Recently, we chatted with Denita about everything from her memories as a student at UW-Madison to her career and her family. Here are her responses to some of our questions.
What’s had the greatest impact on your success?
The minority engineering program. Classes were centered around time management, interviewing skills, resume writing, study habits, things like that. I remember them telling me it was important to get a tutor. And I remember saying to them, “No, I’m a really good student. I’m pretty smart. I don’t think I need a tutor.” They were like, “No, you don’t understand. Smart people get tutored. You are going to need a tutor.” And they identified these different locations on the campus where you could go and get tutoring services for free. They also talked about the power of study groups. The skills and the lessons were invaluable and positioned me for success, and I don’t know if I would have succeeded without the program.
It was such a positive experience in my life. Being an African-American female in engineering, I really think UW got it right—the support structure, the personal outreach. When I talk at universities and to faculties, I share that these programs work. If people are really committed to getting minorities and women into STEM fields, UW-Madison is a great example.
What’s your fondest memory of your time on campus?
When I was on campus, Rodney Dangerfield was filming Back to School. I got paid really good money just to be an extra walking up Bascom Hill. It was the only time I got to be an actress. That was a lot of fun.
How did your experience in the College of Engineering shape your career path?
IBM had loaned an executive to the minority engineering program who would always talk about her experience at IBM. I thought it sounded like the perfect place to work. I worked at IBM as a marketing rep and so I felt like it was a great way to use my engineering degree in a technical area but not be an engineer. My engineering degree helped establish and build credibility, even when I was a sales person in the aerospace and manufacturing industry. The school gave me the required skills and the confidence to be competent in an engineer’s world. I could be thrown into any situation and know how to solve the problem.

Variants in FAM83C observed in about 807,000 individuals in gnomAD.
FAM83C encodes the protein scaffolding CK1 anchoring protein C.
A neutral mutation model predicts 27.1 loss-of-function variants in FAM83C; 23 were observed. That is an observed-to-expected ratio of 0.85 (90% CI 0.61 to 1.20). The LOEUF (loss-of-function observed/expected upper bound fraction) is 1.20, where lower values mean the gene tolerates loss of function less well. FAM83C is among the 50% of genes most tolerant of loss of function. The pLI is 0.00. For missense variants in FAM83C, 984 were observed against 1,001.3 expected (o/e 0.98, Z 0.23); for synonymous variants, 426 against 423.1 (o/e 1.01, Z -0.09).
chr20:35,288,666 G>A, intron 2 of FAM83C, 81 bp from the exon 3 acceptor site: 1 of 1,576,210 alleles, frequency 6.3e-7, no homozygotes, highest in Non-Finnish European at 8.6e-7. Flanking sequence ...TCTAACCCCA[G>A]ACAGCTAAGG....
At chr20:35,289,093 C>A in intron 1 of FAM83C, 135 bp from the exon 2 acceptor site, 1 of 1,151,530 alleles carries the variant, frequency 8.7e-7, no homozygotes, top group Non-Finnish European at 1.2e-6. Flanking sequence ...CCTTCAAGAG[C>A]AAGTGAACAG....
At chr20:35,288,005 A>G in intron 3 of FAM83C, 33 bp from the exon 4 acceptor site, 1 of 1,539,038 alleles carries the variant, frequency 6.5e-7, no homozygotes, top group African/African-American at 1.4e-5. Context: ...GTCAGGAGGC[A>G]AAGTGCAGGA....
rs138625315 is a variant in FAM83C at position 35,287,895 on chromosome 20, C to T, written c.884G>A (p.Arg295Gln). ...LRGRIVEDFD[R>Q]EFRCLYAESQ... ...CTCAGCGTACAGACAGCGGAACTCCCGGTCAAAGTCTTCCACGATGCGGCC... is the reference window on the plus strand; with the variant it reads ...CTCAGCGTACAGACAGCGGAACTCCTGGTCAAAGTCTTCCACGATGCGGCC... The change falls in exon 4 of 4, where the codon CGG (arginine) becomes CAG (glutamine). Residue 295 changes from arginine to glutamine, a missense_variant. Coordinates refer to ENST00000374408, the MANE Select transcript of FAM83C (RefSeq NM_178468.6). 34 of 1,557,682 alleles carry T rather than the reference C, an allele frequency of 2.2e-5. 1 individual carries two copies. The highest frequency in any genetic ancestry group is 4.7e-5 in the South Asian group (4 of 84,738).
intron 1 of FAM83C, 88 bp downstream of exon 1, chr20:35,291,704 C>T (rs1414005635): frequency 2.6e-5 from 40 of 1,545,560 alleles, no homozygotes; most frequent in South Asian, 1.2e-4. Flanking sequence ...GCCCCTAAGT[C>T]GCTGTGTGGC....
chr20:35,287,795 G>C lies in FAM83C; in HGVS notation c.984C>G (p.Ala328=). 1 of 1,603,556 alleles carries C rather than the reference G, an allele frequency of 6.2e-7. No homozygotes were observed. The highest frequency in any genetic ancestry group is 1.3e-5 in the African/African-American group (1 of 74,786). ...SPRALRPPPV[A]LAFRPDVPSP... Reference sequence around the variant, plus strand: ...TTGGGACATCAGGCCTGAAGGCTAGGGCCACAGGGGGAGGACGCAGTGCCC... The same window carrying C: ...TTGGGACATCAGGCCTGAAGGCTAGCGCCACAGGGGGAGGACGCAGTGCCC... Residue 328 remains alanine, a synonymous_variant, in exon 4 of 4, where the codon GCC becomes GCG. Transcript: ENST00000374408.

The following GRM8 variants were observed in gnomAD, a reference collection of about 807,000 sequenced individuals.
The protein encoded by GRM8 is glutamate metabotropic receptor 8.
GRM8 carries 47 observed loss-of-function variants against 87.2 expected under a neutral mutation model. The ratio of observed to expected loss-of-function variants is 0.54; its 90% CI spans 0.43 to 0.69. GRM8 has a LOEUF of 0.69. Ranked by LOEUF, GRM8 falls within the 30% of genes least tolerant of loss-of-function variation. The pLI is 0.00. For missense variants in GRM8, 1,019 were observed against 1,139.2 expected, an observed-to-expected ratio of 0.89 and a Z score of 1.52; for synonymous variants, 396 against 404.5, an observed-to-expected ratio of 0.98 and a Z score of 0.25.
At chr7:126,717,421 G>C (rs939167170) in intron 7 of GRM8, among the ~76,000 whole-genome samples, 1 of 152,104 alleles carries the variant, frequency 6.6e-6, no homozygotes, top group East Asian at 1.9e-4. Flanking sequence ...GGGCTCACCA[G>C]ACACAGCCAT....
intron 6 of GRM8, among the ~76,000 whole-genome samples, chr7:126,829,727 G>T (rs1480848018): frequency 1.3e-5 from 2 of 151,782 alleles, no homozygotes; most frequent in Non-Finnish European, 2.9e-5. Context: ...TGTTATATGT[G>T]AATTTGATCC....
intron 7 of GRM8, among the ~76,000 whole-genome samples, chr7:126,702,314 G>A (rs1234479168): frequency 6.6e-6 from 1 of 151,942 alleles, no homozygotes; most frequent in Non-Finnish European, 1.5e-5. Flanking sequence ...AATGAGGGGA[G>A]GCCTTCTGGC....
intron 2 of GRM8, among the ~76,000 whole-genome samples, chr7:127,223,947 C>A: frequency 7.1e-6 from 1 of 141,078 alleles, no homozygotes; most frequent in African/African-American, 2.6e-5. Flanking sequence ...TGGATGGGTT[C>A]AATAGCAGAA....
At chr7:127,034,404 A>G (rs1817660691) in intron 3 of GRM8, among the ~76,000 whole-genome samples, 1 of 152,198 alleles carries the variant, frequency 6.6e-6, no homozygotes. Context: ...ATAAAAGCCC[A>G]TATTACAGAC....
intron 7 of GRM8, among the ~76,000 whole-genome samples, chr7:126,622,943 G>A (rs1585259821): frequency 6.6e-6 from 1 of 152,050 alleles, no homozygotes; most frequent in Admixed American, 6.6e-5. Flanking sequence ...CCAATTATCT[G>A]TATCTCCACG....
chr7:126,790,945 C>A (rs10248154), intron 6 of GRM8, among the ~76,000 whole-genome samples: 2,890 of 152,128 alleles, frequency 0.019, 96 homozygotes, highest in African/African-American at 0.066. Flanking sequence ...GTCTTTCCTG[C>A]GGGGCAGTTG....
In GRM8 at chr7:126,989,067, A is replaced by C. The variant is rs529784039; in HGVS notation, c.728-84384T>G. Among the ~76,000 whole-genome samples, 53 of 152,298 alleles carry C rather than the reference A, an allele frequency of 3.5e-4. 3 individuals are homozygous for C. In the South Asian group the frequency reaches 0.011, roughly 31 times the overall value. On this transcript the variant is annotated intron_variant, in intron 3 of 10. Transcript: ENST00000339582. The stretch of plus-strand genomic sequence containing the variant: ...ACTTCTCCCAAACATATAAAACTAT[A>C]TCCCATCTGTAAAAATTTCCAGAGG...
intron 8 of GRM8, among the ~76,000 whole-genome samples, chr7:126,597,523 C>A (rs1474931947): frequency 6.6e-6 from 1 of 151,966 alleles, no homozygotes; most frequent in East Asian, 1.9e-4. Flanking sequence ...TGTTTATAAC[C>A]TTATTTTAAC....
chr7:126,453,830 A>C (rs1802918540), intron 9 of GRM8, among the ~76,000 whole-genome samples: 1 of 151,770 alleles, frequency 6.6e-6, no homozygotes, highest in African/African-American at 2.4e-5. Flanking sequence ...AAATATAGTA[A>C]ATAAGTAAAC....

When I left IBM to go to business school at Harvard, I thought it was going to be so hard. But I told myself, “You have an engineering degree from the University of Wisconsin-Madison; nothing can be harder than that.” And I was absolutely right. It was hard, but University of Wisconsin-Madison engineering is no joke.
Of what professional accomplishment are you most proud?
I do a lot of mentoring and coaching, and I’m really proud of the difference that I see that it makes. A lot of people helped me, coached me, guided me or gave me opportunities. And it really makes me proud to look at all the people whom I have helped develop and navigate their careers.
What advice would you give engineering students today?
Enjoy this time in college because it goes really fast. The most important thing is understanding what makes you happy. Don’t get too hung up on what your major is. Think about the skills that are transferable. Think about the end game and you can’t go wrong having an engineering degree. I have never met anyone who regretted having an engineering degree.